PORTUGUESE TRINCADEIRA BLENDS
Segada 2002, $98
The wine industry in Portugal received a kick in the collective backside when the country joined
the European Union in 1986. Apart from the well-organised port-wine sector and a few famous vineyards, winemaking was very Portuguese - casual and relaxed but not known
for modern efficiency. The European community rules changed this.
Gone are the days of affable reds
in large jars without labels: winemakers now have to play
by the rules that govern their French and German counterparts. The country has recognised demarcations and all the other trappings of the modern wine business. More than 2,500 years after the Phoenicians first planted vines in the Alentejo, Portuguese wines are suddenly trendy. This one - a blend of trincadeira, preto and castelao - is very drinkable. The price is right and so is the flavour, a tingly mixture of vanilla and natural juice. Like a lot of the good wines of the Ribatejo region, this accompanies spicy foods with aplomb.
Watson's (tel: 2147 3641)
Quinta do Carmo 1999, $212
The dominant fruit in this highly appetising red is the classic Portuguese grape, trincadeira. There is also alicante bouschet, periquita and aragonez, and certainly some cabernet sauvignon and shiraz.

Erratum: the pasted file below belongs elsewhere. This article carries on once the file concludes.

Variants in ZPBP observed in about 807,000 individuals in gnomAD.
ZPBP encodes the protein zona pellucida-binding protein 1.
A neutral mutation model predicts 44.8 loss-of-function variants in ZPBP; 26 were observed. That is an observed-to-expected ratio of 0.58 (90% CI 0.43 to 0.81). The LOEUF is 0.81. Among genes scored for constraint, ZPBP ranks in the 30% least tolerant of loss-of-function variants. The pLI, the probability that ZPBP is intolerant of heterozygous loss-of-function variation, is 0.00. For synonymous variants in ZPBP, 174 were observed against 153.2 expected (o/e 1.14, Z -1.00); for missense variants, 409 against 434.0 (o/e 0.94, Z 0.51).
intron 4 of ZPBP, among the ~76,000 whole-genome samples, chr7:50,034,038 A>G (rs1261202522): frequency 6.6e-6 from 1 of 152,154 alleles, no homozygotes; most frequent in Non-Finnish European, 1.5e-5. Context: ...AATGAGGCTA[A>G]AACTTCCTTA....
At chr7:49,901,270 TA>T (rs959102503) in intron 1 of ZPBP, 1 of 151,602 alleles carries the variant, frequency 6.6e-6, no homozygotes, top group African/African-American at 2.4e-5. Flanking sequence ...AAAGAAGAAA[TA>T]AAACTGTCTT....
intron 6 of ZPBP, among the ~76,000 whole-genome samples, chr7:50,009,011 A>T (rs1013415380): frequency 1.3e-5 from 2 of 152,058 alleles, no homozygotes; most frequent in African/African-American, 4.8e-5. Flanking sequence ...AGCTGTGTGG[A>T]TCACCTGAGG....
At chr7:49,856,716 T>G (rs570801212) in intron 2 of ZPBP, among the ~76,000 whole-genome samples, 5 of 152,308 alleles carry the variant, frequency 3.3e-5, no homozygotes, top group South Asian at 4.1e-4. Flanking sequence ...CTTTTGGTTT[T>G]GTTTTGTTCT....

The result is an elegant wine that is worth its price for a special occasion. The estate was once owned by the Portuguese royal family and is in a beautiful location on prime grape-bearing soil. The Basto family owned the winery for generations, but in 1992 Domaine Baron de Rothschild (owners of Chateau Lafite) bought
50 per cent of the estate. The partnership has elevated this drop to glory. Don't just drink this wine: take it with you to a nice restaurant, pay corkage and enjoy it with your favourite roast meat.
Omtis (tel: 2333 0241)
Cortes de Cima Chamine 2000, $188
In the late summer the plains and gently rolling hills of the Alentejo region bake under relentless blue skies. The grapes love it, maturing to full ripeness. The owners of this 50-hectare estate are leading winemakers who marry Portugal's ancient traditions with modern techniques. The blend of two distinctive Portuguese grapes - aragonez and trincadeira - makes for a stunningly perfumed bouquet of cherries and berries. It has a rare intensity of taste and there is ample tannin from the oak to balance the powerful fruit. I drank it at a Sichuan restaurant while enjoying a fiery chilli chicken dish - terrific!
Appellation Wine Cellar
(tel: 2866 6335)